On March 21, 2017, the U.S. Supreme Court issued a 7-1 decision in SCA Hygiene Prods. Aktiebolag v. First Quality Baby Prods., LLC, wiping out the equitable defense of laches in some patent cases. In particular, where patent infringement occurred less than six years before the complaint was filed, laches is no longer a defense to damages. The Court held that its reasoning in a 2014 copyright decision, Petrella v. MGM, applied equally to patent cases due to clear Congressional intent reflected in the Patent Act.


Laches is an equitable defense that precludes damages if an accused infringer can show unreasonable delay in bringing a claim by the patentee, which resulted in prejudice against the alleged infringer. The defense has been available in patent cases for more than a century, as explained in an 1895 case, Campbell v. City of Haverhill, 155 U.S. 610 (1895).

In 2010, SCA sued First Quality for infringement of U.S. Patent No. 6,375,646 in the Western District of Kentucky. Ultimately, the district court granted First Quality’s motion for summary judgment of no damages based on both equitable estoppel and laches. SCA appealed the decision to the Federal Circuit.

While SCA’s appeal was pending before the Federal Circuit panel, the Supreme Court decided Petrella v. Metro-Goldwyn-Mayer, Inc. __ U.S. __ (2014). In that case, the Court held an equitable laches defense could not preclude a claim for damages incurred within the Copyright Act’s three-year limitations period. See 17 U.S.C. § 507. Plainly put, the Copyright Act’s three year statute of limitations cannot be circumvented by equitable defenses, because Congress’s intent was for recovery to be available during that three-year period.

On appeal in the SCA case, a panel of Federal Circuit judges affirmed the district court’s decision, despite the Petrella ruling. At the en banc rehearing, the Federal Circuit affirmed yet again. The Federal Circuit based its decisions on case law precedent, namely A.C. Aukerman Co. v. R. L. Chaides Constr. Co., 960 F. 2d 1020 (Fed. Cir. 1992) (en banc), which barred a claim for damages based on laches. Citing that case, the Federal Circuit declined to apply Petrella to patent cases, reasoning that Congress had codified a laches defense in the Patent Act at 35 U.S.C. § 286.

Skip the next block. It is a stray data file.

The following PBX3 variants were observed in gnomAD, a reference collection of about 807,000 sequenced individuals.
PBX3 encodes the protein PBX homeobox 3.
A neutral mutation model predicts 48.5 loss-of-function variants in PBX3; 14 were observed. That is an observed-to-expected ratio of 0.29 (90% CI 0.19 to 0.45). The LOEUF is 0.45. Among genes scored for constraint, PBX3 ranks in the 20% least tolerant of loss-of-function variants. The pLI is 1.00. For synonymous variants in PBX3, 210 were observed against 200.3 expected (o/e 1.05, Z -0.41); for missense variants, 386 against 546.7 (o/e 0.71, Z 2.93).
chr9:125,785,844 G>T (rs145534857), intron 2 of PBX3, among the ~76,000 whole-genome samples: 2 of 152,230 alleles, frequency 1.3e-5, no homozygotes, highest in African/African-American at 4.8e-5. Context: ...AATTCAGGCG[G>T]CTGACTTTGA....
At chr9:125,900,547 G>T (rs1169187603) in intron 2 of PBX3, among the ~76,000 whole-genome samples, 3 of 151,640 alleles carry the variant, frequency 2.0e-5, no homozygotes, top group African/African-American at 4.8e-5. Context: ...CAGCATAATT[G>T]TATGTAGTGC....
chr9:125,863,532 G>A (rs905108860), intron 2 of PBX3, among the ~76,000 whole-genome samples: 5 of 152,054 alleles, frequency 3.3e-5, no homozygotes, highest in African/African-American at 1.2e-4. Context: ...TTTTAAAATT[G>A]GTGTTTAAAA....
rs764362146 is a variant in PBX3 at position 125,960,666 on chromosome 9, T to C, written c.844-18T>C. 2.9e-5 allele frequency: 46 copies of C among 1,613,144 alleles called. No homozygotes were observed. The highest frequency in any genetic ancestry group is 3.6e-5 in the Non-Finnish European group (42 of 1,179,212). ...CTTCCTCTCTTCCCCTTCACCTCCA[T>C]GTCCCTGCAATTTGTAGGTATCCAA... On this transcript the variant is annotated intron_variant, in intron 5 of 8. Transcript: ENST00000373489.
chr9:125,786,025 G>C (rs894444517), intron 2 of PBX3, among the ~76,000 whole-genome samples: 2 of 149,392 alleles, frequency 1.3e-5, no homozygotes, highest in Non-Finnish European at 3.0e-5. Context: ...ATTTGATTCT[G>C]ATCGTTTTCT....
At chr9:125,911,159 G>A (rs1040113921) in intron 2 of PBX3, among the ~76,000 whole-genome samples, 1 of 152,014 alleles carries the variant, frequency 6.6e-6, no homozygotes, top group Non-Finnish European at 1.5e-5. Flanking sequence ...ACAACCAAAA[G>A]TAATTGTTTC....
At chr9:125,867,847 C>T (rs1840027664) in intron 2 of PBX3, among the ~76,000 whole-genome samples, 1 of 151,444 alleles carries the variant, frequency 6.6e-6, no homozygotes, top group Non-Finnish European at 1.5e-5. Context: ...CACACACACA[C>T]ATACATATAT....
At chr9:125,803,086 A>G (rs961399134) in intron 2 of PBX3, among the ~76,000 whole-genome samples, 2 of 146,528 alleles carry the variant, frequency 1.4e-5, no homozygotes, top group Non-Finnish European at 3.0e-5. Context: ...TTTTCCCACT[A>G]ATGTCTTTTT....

The U.S. Supreme Court granted SCA’s petition for certiorari to answer whether Petrella, which rejected the defense of laches within the applicable statute of limitations period for copyright cases, also applies to patent cases.

The Supreme Court’s Decision

The Supreme Court answered that question affirmatively, holding that Petrella applies to patent cases and rejects a defense of laches for damages incurred within the six-year limitations period prescribed by Section 286. The majority explained that separation-of-powers principles and the traditional role of laches in equity warranted the conclusion. A statute of limitations evinces Congressional intent for a specific time rule, instead of an equitable case-by-case determination. Allowing courts to determine whether laches bars damages within the six-year period is “legislative-overriding,” which exceeds the Judiciary’s power. Additionally, allowing laches within the six-year period conflicts with the “gap-filling” purpose of equitable remedies, where statutory law is unavailable.

Justice Breyer wrote the only dissent. His Honor observed that abolishing laches as a defense in these circumstances could “have harmful and unfair legal consequences,” because patentees will no longer be precluded from waiting many years—potentially up to twenty years or more after applying for the patent—to bring a lawsuit. However, that effect is tempered by Section 286, which does limit the accused infringer’s liability by requiring that “no recovery shall be had for any infringement committed more than six years prior to the filing of the complaint or counterclaim for infringement in the action.”

Potential Impact

The Supreme Court’s decision likely increases the value of some infringement cases for certain patentees, while increasing uncertainty for those who are accused of infringement. In those cases that match these facts, laches cannot be asserted, successfully, to rebut damages claims that were brought within the six-year damages window. As a result, prospective litigants will need to carefully re-calculate the new value of a particular case, if this recent decision applies to the specific facts.